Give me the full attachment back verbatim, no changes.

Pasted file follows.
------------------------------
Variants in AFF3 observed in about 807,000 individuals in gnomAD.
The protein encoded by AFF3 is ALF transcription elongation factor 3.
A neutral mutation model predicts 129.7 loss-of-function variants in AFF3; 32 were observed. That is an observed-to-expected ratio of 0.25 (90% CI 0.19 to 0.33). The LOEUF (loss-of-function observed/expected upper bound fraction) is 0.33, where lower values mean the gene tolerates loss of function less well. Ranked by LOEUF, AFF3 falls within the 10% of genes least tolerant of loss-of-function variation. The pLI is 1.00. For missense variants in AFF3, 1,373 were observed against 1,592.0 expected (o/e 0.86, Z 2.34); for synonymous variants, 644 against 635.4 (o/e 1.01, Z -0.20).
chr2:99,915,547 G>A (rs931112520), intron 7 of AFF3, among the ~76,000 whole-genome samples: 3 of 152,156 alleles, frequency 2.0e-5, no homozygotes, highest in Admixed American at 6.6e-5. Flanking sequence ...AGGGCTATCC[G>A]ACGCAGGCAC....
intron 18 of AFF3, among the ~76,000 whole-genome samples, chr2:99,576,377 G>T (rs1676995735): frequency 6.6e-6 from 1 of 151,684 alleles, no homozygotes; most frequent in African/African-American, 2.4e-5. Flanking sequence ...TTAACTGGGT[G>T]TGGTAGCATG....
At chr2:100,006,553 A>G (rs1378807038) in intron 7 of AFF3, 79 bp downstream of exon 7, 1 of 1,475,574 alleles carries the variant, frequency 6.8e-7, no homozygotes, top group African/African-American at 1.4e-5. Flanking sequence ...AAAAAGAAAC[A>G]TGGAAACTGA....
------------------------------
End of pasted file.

Variants in AFF3 observed in about 807,000 individuals in gnomAD.
The protein encoded by AFF3 is ALF transcription elongation factor 3.
A neutral mutation model predicts 129.7 loss-of-function variants in AFF3; 32 were observed. That is an observed-to-expected ratio of 0.25 (90% CI 0.19 to 0.33). The LOEUF (loss-of-function observed/expected upper bound fraction) is 0.33, where lower values mean the gene tolerates loss of function less well. Ranked by LOEUF, AFF3 falls within the 10% of genes least tolerant of loss-of-function variation. The pLI is 1.00. For missense variants in AFF3, 1,373 were observed against 1,592.0 expected (o/e 0.86, Z 2.34); for synonymous variants, 644 against 635.4 (o/e 1.01, Z -0.20).
chr2:99,915,547 G>A (rs931112520), intron 7 of AFF3, among the ~76,000 whole-genome samples: 3 of 152,156 alleles, frequency 2.0e-5, no homozygotes, highest in Admixed American at 6.6e-5. Flanking sequence ...AGGGCTATCC[G>A]ACGCAGGCAC....
intron 18 of AFF3, among the ~76,000 whole-genome samples, chr2:99,576,377 G>T (rs1676995735): frequency 6.6e-6 from 1 of 151,684 alleles, no homozygotes; most frequent in African/African-American, 2.4e-5. Flanking sequence ...TTAACTGGGT[G>T]TGGTAGCATG....
At chr2:100,006,553 A>G (rs1378807038) in intron 7 of AFF3, 79 bp downstream of exon 7, 1 of 1,475,574 alleles carries the variant, frequency 6.8e-7, no homozygotes, top group African/African-American at 1.4e-5. Flanking sequence ...AAAAAGAAAC[A>G]TGGAAACTGA....